The first line made their position good on the centre of the ridge; the pom-pom was brought into action against the right half of it, and the Boers evacuated the whole position, leaving one prisoner behind them. They could be seen streaming away in batches northwards and westwards, and they were followed with long range rifle fire, which, however, only made them move a little quicker.
During the next few days the other columns came into line, but the Boers were not heard of again.
The movement was continued northwards, and Major Gilbert with the Sussex column, Driscoll's, and 100 I. Y., marched on Hoopstadt by a circuitous route to the west. Two nights were spent in trekking, the column lying up in farms in the daytime.
At the end of the second night, Bornemansfontein was reached, a well-wooded farm with stone-walled paddocks, in which the men were disposed. Soon after dawn, some mounted men were seen bearing down upon the camp at a gallop. As they came nearer cries of "Hands up!" were heard, and it became evident that they were executing a gallant though quite hopeless charge. The stone walls were lined, and a few shots fired, killing one of the advancing horses. By this time it had been realised that the men were South African Constabulary. The troops were well hidden, and they had mistaken the encampment for a small Boer family laager.
Major Davis of Driscoll's very pluckily rode between the lines, blowing his whistle. Firing ceased, and explanations followed.
The farm was inhabited, and the wife of the owner said that her husband was on commando, but that she had not seen him or the commando for two months. Her little boy, however, was more communicative, and said he had been there two nights before with five horses.
Hoopstadt was reached on the 11th of March. It was a small town, the inhabitants of which had been removed. The church was used as a hospital, and most of the houses were occupied by troops, for the place was one of the S. A. C. Headquarters. The only water supply was from the Vet River, which ran a rich thick brown. It was said that, if a spoon was placed upright in the middle of a cup of tea, it would stand there.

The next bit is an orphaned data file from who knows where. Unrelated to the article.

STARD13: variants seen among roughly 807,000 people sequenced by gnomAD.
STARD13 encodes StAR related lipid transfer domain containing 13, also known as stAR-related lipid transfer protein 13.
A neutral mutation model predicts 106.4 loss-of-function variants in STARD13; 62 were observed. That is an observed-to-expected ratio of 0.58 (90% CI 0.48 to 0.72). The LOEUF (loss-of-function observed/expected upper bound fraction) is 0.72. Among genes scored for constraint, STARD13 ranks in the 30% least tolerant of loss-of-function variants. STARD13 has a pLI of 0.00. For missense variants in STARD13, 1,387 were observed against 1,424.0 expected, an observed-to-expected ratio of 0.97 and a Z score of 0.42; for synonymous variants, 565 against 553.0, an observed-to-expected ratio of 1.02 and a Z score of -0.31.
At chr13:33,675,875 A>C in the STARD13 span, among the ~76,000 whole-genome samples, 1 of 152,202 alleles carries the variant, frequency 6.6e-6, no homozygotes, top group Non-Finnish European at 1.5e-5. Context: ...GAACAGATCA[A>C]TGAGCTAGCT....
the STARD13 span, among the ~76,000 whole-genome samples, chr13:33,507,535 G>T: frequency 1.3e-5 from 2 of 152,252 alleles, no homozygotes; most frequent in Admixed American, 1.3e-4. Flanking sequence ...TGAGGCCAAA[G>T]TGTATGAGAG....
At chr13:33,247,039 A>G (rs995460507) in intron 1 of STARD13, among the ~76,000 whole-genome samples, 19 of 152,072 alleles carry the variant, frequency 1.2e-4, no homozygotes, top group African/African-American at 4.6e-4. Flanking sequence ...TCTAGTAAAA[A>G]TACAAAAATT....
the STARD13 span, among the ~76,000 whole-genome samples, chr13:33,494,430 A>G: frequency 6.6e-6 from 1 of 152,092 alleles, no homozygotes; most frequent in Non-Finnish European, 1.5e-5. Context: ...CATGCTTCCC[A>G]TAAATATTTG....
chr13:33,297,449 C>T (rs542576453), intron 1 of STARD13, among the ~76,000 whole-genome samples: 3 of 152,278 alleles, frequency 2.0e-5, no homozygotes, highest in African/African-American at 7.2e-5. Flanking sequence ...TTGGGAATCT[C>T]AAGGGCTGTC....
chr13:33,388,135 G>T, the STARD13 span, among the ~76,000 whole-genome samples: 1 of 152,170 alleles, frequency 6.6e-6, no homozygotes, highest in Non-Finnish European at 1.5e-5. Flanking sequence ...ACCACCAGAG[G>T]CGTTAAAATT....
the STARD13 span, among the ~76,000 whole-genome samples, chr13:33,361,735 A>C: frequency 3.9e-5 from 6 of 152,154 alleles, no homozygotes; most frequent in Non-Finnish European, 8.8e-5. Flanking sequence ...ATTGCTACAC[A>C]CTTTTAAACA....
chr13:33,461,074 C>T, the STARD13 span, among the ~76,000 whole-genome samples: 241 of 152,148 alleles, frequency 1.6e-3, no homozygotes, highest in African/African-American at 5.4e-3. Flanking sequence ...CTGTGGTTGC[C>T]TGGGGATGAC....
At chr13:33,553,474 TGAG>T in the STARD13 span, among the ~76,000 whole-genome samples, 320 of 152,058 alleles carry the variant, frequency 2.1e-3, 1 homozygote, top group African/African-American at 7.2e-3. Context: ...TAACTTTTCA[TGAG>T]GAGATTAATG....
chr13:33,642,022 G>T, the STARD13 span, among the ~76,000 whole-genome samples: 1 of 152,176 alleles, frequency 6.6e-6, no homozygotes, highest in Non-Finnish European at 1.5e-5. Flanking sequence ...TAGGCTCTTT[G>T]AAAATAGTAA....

In the past five weeks some of the horses of the column had done 500 miles, practically trekking every day.
The great combined movements in the north-east of the Orange River Colony had at this time finally broken the power of De Wet, and he crossed the railway line south of the Vaal on March 5th, with President Steyn and about 200 men.
Delarey was in considerable strength in the Western Transvaal, and it was thought that he and De Wet might attempt to effect a combination. A line was therefore held running along the Vaal and Valsch Rivers, and the column, composed of the Sussex and Driscoll's Scouts under Major Gilbert, moved on the 12th of March from Hoopstadt for Commando Drift. After a mid-day halt at Wegdraai, an attempt was made to march on in the evening; rain, however, fell in torrents, and the night was pitch-dark. Having gone a few miles with the greatest difficulty, half the transport (following in rear of the mounted troops) led off on to a wrong road, and progress became impossible. Thoroughly wet and uncomfortable, the column halted for the night, and before morning the lost wagons returned. Commando Drift was reached on the 14th, and here the news was made known of Delarey's successes: first, the capture of Col. Von Donop's convoy, and then the taking of Lord Methuen and a number of men. The column proceeded to Strydfontein, a drift 3 miles above Commando Drift (which was occupied by S. A. C.), and held it during the following week. It had been expected that Delarey with his successful commandos might attempt to break south and join De Wet. The latter, however, slipped across the Vaal with President Steyn by a little known bridle drift on the night of the 15th, and joined Delarey.
Meantime the troops that had been operating in the east were being brought across the line, and by the 23rd of March there were collected at Commando Drift under Colonel Rochfort the columns of Lord Basing and of Cols. Bulfin, Sitwell, and Western, besides a force of South African Constabulary. Major Gilbert and Major Driscoll having moved down to Commando Drift, Col. Rochfort crossed into the Transvaal during the evening of the 23rd with 3,000 men. No wheeled vehicle or gun was taken, every man carrying two days' rations for himself and his horse. Before starting, Lord Kitchener's message had been read out to the troops, in which he said that the operations would tax their endurance, but that he relied upon their using every effort, working with the greatest dash and spirit, and utterly defeating any enemy they might meet.